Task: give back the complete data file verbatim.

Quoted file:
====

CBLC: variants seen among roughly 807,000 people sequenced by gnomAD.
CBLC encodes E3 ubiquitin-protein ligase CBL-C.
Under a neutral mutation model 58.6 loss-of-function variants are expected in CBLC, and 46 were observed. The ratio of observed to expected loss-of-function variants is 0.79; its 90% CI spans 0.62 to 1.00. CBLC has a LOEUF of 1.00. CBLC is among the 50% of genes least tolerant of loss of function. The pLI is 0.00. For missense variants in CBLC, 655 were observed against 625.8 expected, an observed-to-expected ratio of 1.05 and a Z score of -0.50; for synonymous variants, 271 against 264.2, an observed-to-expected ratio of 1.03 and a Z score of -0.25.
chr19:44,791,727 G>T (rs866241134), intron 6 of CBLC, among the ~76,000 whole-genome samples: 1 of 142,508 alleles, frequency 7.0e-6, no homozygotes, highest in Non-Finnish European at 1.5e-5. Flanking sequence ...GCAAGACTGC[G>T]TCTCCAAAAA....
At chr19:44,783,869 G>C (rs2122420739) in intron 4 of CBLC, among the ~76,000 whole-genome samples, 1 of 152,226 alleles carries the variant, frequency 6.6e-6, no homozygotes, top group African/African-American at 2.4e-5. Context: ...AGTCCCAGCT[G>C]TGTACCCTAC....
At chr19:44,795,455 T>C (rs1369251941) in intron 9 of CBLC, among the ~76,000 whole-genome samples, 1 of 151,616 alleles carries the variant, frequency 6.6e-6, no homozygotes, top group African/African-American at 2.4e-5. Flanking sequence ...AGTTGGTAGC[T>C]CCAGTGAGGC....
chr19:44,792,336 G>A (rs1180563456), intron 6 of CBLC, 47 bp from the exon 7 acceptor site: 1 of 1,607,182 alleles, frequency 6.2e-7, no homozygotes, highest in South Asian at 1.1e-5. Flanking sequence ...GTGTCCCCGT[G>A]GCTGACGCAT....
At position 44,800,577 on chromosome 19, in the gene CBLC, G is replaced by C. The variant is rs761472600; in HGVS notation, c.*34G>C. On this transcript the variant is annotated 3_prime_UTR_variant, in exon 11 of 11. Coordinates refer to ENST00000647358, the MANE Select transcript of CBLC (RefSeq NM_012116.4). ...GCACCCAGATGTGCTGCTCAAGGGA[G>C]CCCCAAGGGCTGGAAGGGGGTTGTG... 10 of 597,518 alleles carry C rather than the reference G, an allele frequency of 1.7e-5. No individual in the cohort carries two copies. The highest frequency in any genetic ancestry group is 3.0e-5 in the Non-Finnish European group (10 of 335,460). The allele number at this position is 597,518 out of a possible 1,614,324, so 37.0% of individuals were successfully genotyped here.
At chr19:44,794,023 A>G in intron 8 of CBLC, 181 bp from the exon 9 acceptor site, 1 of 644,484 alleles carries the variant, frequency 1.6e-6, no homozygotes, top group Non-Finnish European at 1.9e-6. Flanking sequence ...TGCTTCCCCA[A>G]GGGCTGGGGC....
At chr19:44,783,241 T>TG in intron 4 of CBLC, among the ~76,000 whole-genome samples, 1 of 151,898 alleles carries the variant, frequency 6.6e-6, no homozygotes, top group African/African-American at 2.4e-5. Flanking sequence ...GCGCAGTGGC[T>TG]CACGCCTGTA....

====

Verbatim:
CBLC: variants seen among roughly 807,000 people sequenced by gnomAD.
CBLC encodes E3 ubiquitin-protein ligase CBL-C.
Under a neutral mutation model 58.6 loss-of-function variants are expected in CBLC, and 46 were observed. The ratio of observed to expected loss-of-function variants is 0.79; its 90% CI spans 0.62 to 1.00. CBLC has a LOEUF of 1.00. CBLC is among the 50% of genes least tolerant of loss of function. The pLI is 0.00. For missense variants in CBLC, 655 were observed against 625.8 expected, an observed-to-expected ratio of 1.05 and a Z score of -0.50; for synonymous variants, 271 against 264.2, an observed-to-expected ratio of 1.03 and a Z score of -0.25.
chr19:44,791,727 G>T (rs866241134), intron 6 of CBLC, among the ~76,000 whole-genome samples: 1 of 142,508 alleles, frequency 7.0e-6, no homozygotes, highest in Non-Finnish European at 1.5e-5. Flanking sequence ...GCAAGACTGC[G>T]TCTCCAAAAA....
At chr19:44,783,869 G>C (rs2122420739) in intron 4 of CBLC, among the ~76,000 whole-genome samples, 1 of 152,226 alleles carries the variant, frequency 6.6e-6, no homozygotes, top group African/African-American at 2.4e-5. Context: ...AGTCCCAGCT[G>C]TGTACCCTAC....
At chr19:44,795,455 T>C (rs1369251941) in intron 9 of CBLC, among the ~76,000 whole-genome samples, 1 of 151,616 alleles carries the variant, frequency 6.6e-6, no homozygotes, top group African/African-American at 2.4e-5. Flanking sequence ...AGTTGGTAGC[T>C]CCAGTGAGGC....
chr19:44,792,336 G>A (rs1180563456), intron 6 of CBLC, 47 bp from the exon 7 acceptor site: 1 of 1,607,182 alleles, frequency 6.2e-7, no homozygotes, highest in South Asian at 1.1e-5. Flanking sequence ...GTGTCCCCGT[G>A]GCTGACGCAT....
At position 44,800,577 on chromosome 19, in the gene CBLC, G is replaced by C. The variant is rs761472600; in HGVS notation, c.*34G>C. On this transcript the variant is annotated 3_prime_UTR_variant, in exon 11 of 11. Coordinates refer to ENST00000647358, the MANE Select transcript of CBLC (RefSeq NM_012116.4). ...GCACCCAGATGTGCTGCTCAAGGGA[G>C]CCCCAAGGGCTGGAAGGGGGTTGTG... 10 of 597,518 alleles carry C rather than the reference G, an allele frequency of 1.7e-5. No individual in the cohort carries two copies. The highest frequency in any genetic ancestry group is 3.0e-5 in the Non-Finnish European group (10 of 335,460). The allele number at this position is 597,518 out of a possible 1,614,324, so 37.0% of individuals were successfully genotyped here.
At chr19:44,794,023 A>G in intron 8 of CBLC, 181 bp from the exon 9 acceptor site, 1 of 644,484 alleles carries the variant, frequency 1.6e-6, no homozygotes, top group Non-Finnish European at 1.9e-6. Flanking sequence ...TGCTTCCCCA[A>G]GGGCTGGGGC....
At chr19:44,783,241 T>TG in intron 4 of CBLC, among the ~76,000 whole-genome samples, 1 of 151,898 alleles carries the variant, frequency 6.6e-6, no homozygotes, top group African/African-American at 2.4e-5. Flanking sequence ...GCGCAGTGGC[T>TG]CACGCCTGTA....